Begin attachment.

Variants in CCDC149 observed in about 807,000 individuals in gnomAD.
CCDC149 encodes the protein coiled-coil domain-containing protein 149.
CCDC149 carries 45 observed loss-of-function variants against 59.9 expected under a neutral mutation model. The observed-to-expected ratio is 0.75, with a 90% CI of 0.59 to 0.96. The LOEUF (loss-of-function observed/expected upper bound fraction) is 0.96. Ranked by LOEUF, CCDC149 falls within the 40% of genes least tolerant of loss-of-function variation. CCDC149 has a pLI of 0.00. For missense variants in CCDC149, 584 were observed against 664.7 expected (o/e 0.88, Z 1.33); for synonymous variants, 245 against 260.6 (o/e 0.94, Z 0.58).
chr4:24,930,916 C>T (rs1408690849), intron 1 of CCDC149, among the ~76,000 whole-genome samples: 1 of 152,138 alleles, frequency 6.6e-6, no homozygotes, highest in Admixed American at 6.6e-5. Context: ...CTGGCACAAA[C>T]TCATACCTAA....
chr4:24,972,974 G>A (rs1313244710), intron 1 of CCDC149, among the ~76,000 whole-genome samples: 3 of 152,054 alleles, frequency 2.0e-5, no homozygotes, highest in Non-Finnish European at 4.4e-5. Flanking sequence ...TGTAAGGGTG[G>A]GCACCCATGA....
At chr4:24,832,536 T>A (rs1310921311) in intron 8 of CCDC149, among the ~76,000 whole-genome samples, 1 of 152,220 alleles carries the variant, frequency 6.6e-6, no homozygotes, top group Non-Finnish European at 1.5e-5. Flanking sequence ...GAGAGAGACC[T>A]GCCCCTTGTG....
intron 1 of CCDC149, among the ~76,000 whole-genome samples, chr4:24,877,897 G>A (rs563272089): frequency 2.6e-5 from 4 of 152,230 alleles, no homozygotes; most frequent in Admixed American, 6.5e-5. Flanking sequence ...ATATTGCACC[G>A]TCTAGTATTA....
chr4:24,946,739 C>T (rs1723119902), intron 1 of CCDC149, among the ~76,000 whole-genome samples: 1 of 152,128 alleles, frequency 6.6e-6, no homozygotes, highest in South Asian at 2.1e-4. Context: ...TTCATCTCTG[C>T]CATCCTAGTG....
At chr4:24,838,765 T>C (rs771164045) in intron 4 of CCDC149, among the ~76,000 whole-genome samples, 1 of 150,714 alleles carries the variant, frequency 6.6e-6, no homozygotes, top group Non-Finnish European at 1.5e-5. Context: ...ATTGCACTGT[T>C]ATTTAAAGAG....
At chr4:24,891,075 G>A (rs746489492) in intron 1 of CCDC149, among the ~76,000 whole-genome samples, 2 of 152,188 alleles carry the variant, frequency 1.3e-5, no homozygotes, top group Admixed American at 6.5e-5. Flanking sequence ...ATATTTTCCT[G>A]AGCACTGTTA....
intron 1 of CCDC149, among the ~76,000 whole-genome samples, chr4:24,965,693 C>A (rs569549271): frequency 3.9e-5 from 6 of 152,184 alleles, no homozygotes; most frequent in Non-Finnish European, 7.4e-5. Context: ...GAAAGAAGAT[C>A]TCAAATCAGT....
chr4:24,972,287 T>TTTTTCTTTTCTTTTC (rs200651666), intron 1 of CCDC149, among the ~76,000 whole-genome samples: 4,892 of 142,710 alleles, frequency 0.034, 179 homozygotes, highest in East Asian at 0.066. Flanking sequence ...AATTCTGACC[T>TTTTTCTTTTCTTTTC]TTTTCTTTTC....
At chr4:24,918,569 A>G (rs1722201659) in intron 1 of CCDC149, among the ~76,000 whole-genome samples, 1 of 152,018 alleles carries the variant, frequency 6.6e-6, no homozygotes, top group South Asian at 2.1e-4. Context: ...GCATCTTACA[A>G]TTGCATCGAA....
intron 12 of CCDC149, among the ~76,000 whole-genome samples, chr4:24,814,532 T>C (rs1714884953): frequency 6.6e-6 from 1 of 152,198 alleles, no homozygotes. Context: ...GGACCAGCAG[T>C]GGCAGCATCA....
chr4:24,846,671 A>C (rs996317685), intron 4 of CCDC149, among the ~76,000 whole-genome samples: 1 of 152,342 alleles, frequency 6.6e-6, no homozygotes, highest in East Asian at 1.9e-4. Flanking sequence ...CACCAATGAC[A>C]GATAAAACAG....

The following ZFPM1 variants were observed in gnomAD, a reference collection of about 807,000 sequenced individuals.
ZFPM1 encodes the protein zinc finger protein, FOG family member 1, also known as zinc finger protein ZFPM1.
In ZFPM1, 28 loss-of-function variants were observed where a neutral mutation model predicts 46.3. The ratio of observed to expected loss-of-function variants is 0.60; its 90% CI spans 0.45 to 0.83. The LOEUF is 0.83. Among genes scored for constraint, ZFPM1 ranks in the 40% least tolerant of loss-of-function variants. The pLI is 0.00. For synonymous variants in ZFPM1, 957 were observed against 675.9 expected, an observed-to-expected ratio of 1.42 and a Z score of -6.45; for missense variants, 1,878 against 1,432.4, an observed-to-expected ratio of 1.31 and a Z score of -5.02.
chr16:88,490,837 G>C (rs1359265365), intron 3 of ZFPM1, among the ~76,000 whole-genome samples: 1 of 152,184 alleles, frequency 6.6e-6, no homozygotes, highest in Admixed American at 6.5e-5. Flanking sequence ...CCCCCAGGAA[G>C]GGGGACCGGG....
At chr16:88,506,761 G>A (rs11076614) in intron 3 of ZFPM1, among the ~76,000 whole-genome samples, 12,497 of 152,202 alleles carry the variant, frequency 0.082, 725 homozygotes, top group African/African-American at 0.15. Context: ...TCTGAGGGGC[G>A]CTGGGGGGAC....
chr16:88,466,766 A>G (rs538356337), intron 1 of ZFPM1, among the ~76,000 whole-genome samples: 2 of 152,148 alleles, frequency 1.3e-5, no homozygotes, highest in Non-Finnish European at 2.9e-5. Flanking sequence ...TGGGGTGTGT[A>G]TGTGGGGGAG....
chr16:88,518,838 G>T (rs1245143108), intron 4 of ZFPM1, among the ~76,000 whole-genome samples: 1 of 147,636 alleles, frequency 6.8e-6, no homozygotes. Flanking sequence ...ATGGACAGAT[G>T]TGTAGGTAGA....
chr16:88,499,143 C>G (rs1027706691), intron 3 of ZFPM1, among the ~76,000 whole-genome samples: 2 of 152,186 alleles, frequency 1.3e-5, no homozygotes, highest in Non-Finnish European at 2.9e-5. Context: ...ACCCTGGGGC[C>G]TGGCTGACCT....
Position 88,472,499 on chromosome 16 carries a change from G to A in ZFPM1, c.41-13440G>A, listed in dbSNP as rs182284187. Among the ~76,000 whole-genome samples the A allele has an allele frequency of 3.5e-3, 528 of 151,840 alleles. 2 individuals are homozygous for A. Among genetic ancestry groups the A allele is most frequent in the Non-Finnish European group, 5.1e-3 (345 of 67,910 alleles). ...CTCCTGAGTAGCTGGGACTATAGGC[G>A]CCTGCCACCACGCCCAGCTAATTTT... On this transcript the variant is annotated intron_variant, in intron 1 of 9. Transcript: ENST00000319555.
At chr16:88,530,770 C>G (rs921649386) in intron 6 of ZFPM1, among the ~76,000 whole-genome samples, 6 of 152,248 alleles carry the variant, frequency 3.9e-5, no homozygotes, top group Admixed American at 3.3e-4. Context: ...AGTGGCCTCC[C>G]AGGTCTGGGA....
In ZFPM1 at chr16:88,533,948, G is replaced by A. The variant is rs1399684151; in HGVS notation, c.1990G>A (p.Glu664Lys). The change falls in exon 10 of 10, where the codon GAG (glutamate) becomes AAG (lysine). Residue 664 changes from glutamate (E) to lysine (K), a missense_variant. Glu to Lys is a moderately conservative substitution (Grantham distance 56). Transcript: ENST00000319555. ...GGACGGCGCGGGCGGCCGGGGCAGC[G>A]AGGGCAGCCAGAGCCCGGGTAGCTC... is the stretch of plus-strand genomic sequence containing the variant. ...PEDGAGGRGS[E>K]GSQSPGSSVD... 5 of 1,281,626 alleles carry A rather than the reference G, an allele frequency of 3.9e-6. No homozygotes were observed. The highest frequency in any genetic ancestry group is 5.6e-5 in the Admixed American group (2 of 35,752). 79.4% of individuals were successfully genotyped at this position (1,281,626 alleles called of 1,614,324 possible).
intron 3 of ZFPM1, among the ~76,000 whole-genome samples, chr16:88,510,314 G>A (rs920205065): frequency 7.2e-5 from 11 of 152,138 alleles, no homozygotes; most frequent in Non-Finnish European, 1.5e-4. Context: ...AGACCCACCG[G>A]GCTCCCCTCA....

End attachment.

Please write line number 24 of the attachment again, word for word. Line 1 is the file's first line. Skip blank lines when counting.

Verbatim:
Position 88,472,499 on chromosome 16 carries a change from G to A in ZFPM1, c.41-13440G>A, listed in dbSNP as rs182284187. Among the ~76,000 whole-genome samples the A allele has an allele frequency of 3.5e-3, 528 of 151,840 alleles. 2 individuals are homozygous for A. Among genetic ancestry groups the A allele is most frequent in the Non-Finnish European group, 5.1e-3 (345 of 67,910 alleles). ...CTCCTGAGTAGCTGGGACTATAGGC[G>A]CCTGCCACCACGCCCAGCTAATTTT... On this transcript the variant is annotated intron_variant, in intron 1 of 9. Transcript: ENST00000319555.